Okuda. ONO’U Tahiti 2017. Raiatea Edition. French Polynesia. October 2017. (photo © Jaime Rojo)

Okuda. ONO’U Tahiti 2017. Raiatea Edition. French Polynesia. October 2017. (photo © Jaime Rojo)

Okuda. ONO’U Tahiti 2017. Raiatea Edition. French Polynesia. October 2017. (photo © Jaime Rojo)

Okuda. ONO’U Tahiti 2017. Raiatea Edition. French Polynesia. October 2017. (photo © Jaime Rojo)

Okuda. Martha Cooper modeling the new pair (0nly pair available at the time) of Okuda sunnies. ONO’U Tahiti 2017. Raiatea Edition. French Polynesia. October 2017. (photo © Jaime Rojo)

Okuda. ONO’U Tahiti 2017. Raiatea Edition. French Polynesia. October 2017. (photo © Jaime Rojo)

Okuda. ONO’U Tahiti 2017. Raiatea Edition. French Polynesia. October 2017. (photo © Jaime Rojo)

Akimbo. ONO’U Tahiti 2017. Raiatea Edition. French Polynesia. October 2017. (photo © Jaime Rojo)

Akimbo. ONO’U Tahiti 2017. Raiatea Edition. French Polynesia. October 2017. (photo © Jaime Rojo)

Akimbo. ONO’U Tahiti 2017. Raiatea Edition. French Polynesia. October 2017. (photo © Jaime Rojo)

Akimbo. ONO’U Tahiti 2017. Raiatea Edition. French Polynesia. October 2017. (photo © Jaime Rojo)

Akimbo. ONO’U Tahiti 2017. Raiatea Edition. French Polynesia. October 2017. (photo © Jaime Rojo)

Phat1. ONO’U Tahiti 2017. Raiatea Edition. French Polynesia. October 2017. (photo © Jaime Rojo)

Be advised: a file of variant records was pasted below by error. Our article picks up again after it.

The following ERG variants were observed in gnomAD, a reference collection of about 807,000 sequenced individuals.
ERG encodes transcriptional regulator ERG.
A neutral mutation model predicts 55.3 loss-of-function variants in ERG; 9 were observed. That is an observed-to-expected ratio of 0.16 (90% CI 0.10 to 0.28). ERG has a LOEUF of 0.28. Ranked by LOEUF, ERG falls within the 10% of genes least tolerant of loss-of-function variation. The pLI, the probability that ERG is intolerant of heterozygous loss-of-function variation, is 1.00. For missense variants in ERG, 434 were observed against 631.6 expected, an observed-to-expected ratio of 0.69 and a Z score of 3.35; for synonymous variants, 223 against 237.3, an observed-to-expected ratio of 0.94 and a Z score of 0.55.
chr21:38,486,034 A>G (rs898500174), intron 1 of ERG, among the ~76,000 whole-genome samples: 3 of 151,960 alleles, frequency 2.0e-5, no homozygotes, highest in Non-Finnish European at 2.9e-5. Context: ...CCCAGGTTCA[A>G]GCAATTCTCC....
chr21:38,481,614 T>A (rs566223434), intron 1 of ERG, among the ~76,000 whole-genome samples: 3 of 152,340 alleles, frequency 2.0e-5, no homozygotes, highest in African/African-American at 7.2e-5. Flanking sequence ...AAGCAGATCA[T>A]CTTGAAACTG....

Phat1 . Lady Diva. ONO’U Tahiti 2017. Raiatea Edition. French Polynesia. October 2017. (photo © Jaime Rojo)

Charles & Janine Williams. ONO’U Tahiti 2017. Raiatea Edition. French Polynesia. October 2017. (photo © Jaime Rojo)

Charles & Janine Williams. ONO’U Tahiti 2017. Raiatea Edition. French Polynesia. October 2017. (photo © Jaime Rojo)

Charles & Janine Williams. ONO’U Tahiti 2017. Raiatea Edition. French Polynesia. October 2017. (photo © Jaime Rojo)

Charles & Janine Williams. ONO’U Tahiti 2017. Raiatea Edition. French Polynesia. October 2017. (photo © Jaime Rojo)

Charles & Janine Williams. ONO’U Tahiti 2017. Raiatea Edition. French Polynesia. October 2017. (photo © Jaime Rojo)

Charles & Janine Williams. ONO’U Tahiti 2017. Raiatea Edition. French Polynesia. October 2017. (photo © Jaime Rojo)

Charles & Janine Williams. ONO’U Tahiti 2017. Raiatea Edition. French Polynesia. October 2017. (photo © Jaime Rojo)

Charles & Janine Williams. ONO’U Tahiti 2017. Raiatea Edition. French Polynesia. October 2017. (photo © Selina Miles)

Charles & Janine Williams. ONO’U Tahiti 2017. Raiatea Edition. French Polynesia. October 2017. (photo © Selina Miles)

Soten. ONO’U Tahiti 2017. Raiatea Edition. French Polynesia. October 2017. (photo © Jaime Rojo)

Soten. ONO’U Tahiti 2017. Raiatea Edition. French Polynesia. October 2017. (photo © Jaime Rojo)

Soten. ONO’U Tahiti 2017. Raiatea Edition. French Polynesia. October 2017. (photo © Jaime Rojo)

Soten. ONO’U Tahiti 2017. Raiatea Edition. French Polynesia. October 2017. (photo © Jaime Rojo)

Soten. ONO’U Tahiti 2017. Raiatea Edition. French Polynesia. October 2017. (photo © Jaime Rojo)

 

Soten. ONO’U Tahiti 2017. Raiatea Edition. French Polynesia. October 2017. (photo © Selina Miles)